Rich Dad, Poor DadWe all have them, those moments in our lives where we are presented with a crossroad.

Where each path has the potential to lead us into a totally different result.

We all wish that we could fast forward to see which path is the best option, but, unfortunately, the only way to find out is to choose one.

I had to make one of those decisions early on in my career.

One of my earlier meetings in my career was with a gentleman who had an entrepreneurial spirit.

He could see that in me as well, and had suggested that I check out the book “Rich Dad, Poor Dad” by Robert Kiyosaki.

I can’t remember if I’d heard of the book at the time, but I was definitely intrigued.  It was a time in my life when I would read any type of inspirational story and soak it up like a sponge!

If you’ve never heard of “Rich Dad, Poor Dad”, the concept is this:

The author, Robert Kiyosaki’s father was extremely hardworking and stressed the importance of going to school, getting a degree and getting a good job.  The other dad in his life was his best friend’s father, who was an entrepreneur and who had never graduated from college, but still found ways to make a very, very good living.

As a child, Kiyosaki battled as to which dad had the better advice before finally realizing that his friend’s dad was not only much more successful, but also much happier in life.  So Kiyosaki defaulted to his viewpoint.

Reading that book, I had no idea that I would find myself in a similar experience.

Starting Off

When I first started my career as a financial advisor, I was hired as a junior broker.  That means I got paid practically nothing in salary – a whopping $18,500 a year – and then everything else I did was paid through a 50/50 split of commissions and fees with the advisor who hired me.

Yes, I got paid dirt, but at the time, I was thankful to have a job.  We were just coming out of the tech bubble, and new jobs were hard to come by.  Getting in the business at a young age, I was comforted knowing that I had a base salary to depend on, but I also relished the idea of having the potential for unlimited income.

The initial arrangement between my hiring advisor and myself was that I would go out and find “fresh meat” in the form of potential new clients, whether that be through cold calling, seminars, trade shows, or networking; basically, I was throwing anything against the wall and hoping it’d stick.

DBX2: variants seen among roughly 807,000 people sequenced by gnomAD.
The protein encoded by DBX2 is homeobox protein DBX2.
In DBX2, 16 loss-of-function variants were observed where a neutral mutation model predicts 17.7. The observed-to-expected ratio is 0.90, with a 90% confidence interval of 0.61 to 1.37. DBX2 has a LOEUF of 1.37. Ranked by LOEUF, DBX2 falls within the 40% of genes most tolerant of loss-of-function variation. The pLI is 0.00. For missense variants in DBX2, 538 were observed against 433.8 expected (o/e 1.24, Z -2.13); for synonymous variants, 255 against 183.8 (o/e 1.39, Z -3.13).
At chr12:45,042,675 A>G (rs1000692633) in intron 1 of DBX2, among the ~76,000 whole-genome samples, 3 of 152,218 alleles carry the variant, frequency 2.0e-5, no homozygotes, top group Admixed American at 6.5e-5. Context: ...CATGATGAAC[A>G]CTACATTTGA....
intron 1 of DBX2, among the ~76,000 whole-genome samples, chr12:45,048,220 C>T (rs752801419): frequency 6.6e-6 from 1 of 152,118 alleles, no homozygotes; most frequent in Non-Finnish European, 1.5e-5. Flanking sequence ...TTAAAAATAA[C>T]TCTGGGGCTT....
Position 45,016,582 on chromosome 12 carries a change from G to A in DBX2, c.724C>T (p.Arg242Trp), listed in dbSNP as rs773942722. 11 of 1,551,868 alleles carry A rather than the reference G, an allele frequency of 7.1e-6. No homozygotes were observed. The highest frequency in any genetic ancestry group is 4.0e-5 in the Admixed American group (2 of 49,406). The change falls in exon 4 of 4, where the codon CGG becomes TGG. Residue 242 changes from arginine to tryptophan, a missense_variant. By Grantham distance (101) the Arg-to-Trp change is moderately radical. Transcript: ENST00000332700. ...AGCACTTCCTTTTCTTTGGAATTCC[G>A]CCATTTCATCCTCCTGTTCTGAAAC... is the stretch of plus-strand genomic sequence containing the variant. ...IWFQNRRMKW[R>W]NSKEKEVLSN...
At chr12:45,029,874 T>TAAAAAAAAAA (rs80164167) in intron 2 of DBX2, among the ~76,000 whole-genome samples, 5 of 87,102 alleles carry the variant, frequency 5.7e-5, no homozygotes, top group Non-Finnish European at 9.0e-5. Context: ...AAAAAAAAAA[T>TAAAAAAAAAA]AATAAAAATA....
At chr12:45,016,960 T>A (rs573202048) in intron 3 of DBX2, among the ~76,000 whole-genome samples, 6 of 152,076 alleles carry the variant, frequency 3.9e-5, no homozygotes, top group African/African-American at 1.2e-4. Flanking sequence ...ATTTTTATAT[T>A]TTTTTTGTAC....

Once I found a potential prospect, the goal was to bring them into the office,where the senior advisor would then conduct the meeting and essentially close the sale.  For the first couple of months, the arrangement worked really well.  But somewhere along the way, I got more confident and before I knew it, I was not only attracting new clients, but I was also closing them.

The advisor that had hired me had good intentions of having a system in place, but we didn’t do a very good job of acting that system out.   Anyone who has ever been in sales knows that if there is a prospective client wanting to meet with you, you meet with them, whether it’s at the office, at a local coffee shop or at their home – and you do it when it’s convenient to your prospective client!

About halfway through my first year of being a junior broker, it was almost as if I was on my own.  I didn’t really need help from the senior broker, other than just to run a few different scenarios by him.

First Year Success

As my first year came to an end, my senior advisor had very little to do in the client acquisition process.   As the year was concluding, we started to re-evaluate our arrangement.  I remember it was a Friday afternoon, and he called me into his office.  This was one of those meetings that I will always remember the rest of my life.

We talked a little bit about how the arrangement had worked out and how, as his practice had grown, he felt that he needed more of an administrative assistant than an actual sales associate or junior broker.  He then told me he felt that I had done a superior job and that I didn’t need him anymore.  And although he would love to keep me on his team as his administrative assistant, he knew that it wasn’t in my blood.  He knew that I needed to be my own advisor.

So he made me the following offer and choice:

  1. I could stay on his team as administrative assistant and then he would give me a handsome raise in my salary.
  2. I could become my own broker.  I would stop receiving my salary but I would retain all of the clients that I had brought in myself over the past year and then I would keep 100% of all my commissions and fees going forward.

He told me to take the weekend to mull over the decision.

Decisions, decisions.

Part of me already knew what I was going to do, but like any good son, I sought counsel.  Over that weekend, I called my dad and my step-dad to see what they thought.

First a little background on each:  My father was a lot like Robert Kiyosaki’s.  My father had always preached to me to go to school, get a degree and find a good job; work hard and you’ll be successful.  On the other hand, my step-dad also went to school, but instead of trying to find a safe, cushioned salaried job, he was always in sales.  His belief was it’s always up to you to find out how much you can make.

Knowing that they both had different points of views, I thought it would be extremely helpful to hear both sides.

When I explained the two options I had, salary versus uncertainty, my dad suggested I take the salary.  His rationale was I would have a stable, predictable income, and that I can gain some valuable work experience (remember, I was only 23 at the time) and after a few years, I’d feel more comfortable to branch off on my own.

Second Opinion

When I called and explained the options I had to my step-dad, I heard a much different point of view.  He was thrilled at the idea of me being my own boss, and having some potential to truly make some serious money and have fun doing it.  He knew this was my passion, and he had all the confidence in the world that I would be successful.  I will never forget how excited he was for me.